Last November, when the online retailer eToys.com sued the artist-run Web site etoy.com for trademark infringement, all I could think of was John's WordPerfect macros. Back in the days when I logged onto the Internet with my trusty 2400 bps modem, John's WordPerfect macros cropped up in all sorts of Web sites and Usenet groups, where they always came free of banner ads, usage fees, or any other quid-pro-quos. They were just there for the taking, and if "John" got anything back for distributing them so widely, it was something intangible like public prestige or personal satisfaction. In other words, John's WordPerfect macros were a gift.
Cross TalkArtbyte (New York) 2, no. 6 (March-April 2000), pp. 24-25.
Does the art world really "get" the Internet?
To thumb through the pages of this magazine, you'd think that the art world was especially hip to Internet culture. It's true that artists were among the first to colonize cyberspace; in 1995 8% of Web sites were produced by artists, and this growing cyber-avant-garde has remained at the leading edge ever since. Unfortunately, there's a big gap between Internet art afficionados and their offline brethren. Pick up the January 2000 issue of ArtNews and you'll find a 15-page cover article on art in cyberspace--without a single mention of art made for the Internet. For the typical artist, curator, or collector, "online art" means the scanned-in oil paintings hawked at NextMonet or Sothebys.com. I suppose that's no worse than the editors of Time magazine on the eve of the millennium choosing an online book retailer as Man of the Year--but then again that's like saluting Henry Ford because he found a more efficient way to deliver buggy whips...
It's tempting to blame this technological myopia on studio and art history degree programs for not including electronic media in their curricula. But a lot of artists using electronic media don't "get" the Internet either. Most of the video and computer-driven installations in museums these days employ expensive projectors and top-of-the-line computers to surround the viewer with sublime vistas or dazzling effects. Online artists, on the other hand, cannot possibly aspire to the sensory immersion of cinema or the processing power of Silicon Graphics, because their work has to squeeze through the 14.4 kbs modem of a dairy farmer sitting at his 386 in Iowa City. Sure, Bill Gates claims we'll all soon have wall-sized Internet projections and T1s in our living rooms--but until we do, the constraint on bandwidth can actually work to the advantage of Internet artists, encouraging them to strive for distributed content rather than linear narrative and for conceptual elegance rather than theatrical overkill. Making successful art for the Internet isn't just a matter of learning the right tools, but also of learning the right attitude...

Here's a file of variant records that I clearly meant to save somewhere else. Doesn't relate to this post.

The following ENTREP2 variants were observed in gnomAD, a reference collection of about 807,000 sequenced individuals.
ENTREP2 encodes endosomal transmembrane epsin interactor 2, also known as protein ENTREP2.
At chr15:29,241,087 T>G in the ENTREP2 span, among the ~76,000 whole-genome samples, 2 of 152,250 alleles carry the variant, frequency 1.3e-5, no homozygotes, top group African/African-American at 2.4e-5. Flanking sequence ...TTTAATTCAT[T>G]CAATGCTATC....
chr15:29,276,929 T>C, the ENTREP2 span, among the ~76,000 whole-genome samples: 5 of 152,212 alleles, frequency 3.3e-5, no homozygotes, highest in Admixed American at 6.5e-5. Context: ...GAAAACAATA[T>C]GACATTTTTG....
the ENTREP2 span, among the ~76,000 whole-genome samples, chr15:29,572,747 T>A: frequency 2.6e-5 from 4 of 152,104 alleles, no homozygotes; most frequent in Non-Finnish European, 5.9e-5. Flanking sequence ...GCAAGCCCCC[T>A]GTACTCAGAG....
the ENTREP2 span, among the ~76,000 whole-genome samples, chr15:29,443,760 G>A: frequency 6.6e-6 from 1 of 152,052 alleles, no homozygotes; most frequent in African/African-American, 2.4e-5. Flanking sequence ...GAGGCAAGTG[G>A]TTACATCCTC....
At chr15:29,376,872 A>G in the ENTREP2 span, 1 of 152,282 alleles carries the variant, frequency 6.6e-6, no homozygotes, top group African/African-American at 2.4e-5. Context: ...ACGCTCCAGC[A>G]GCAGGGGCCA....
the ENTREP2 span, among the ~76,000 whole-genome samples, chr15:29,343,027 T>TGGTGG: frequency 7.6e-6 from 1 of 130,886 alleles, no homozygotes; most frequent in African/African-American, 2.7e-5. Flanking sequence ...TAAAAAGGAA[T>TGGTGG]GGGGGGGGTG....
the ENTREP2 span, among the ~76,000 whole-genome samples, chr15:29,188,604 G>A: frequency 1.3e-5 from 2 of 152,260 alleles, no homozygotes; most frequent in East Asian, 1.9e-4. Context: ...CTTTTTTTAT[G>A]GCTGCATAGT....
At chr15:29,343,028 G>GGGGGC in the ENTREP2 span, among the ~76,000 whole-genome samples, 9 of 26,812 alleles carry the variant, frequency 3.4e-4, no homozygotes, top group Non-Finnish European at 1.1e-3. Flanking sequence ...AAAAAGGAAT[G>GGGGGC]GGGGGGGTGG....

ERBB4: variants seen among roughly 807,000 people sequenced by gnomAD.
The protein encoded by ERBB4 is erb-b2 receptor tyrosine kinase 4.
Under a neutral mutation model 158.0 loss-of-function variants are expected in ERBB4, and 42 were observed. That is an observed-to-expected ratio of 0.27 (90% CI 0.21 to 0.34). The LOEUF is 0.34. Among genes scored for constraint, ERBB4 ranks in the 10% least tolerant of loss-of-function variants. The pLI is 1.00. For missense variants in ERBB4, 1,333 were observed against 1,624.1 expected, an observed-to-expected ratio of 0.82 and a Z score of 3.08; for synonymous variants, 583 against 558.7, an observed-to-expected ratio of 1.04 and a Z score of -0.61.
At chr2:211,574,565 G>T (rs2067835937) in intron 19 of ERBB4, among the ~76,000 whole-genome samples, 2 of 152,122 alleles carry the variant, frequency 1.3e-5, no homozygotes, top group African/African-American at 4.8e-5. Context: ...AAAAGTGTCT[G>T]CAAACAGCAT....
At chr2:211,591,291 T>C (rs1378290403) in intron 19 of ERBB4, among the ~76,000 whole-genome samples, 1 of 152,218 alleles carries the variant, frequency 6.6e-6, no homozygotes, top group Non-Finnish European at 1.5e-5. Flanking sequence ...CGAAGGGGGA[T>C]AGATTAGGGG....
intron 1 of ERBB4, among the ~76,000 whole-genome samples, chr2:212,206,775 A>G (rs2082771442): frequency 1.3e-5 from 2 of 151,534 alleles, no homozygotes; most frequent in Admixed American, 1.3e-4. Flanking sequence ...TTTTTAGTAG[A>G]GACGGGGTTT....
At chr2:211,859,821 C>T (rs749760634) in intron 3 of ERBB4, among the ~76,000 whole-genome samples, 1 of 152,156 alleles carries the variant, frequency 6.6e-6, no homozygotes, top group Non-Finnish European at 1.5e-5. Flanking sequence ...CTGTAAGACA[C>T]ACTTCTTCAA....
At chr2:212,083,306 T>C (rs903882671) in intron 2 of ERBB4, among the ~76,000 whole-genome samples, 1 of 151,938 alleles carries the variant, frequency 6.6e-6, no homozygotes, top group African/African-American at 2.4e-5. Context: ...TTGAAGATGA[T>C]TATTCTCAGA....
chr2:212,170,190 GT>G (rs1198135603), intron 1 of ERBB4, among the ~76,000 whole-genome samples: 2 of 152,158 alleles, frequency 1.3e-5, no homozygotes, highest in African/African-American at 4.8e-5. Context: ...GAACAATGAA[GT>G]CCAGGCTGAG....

Artbyte (New York) 2, no. 5 (January-February 2000), pp. 28-29
Should some code be censored?KNOWLEDGE SHOULD BE ADVANCED AT ALL COSTS
--Jenny Holzer, Truisms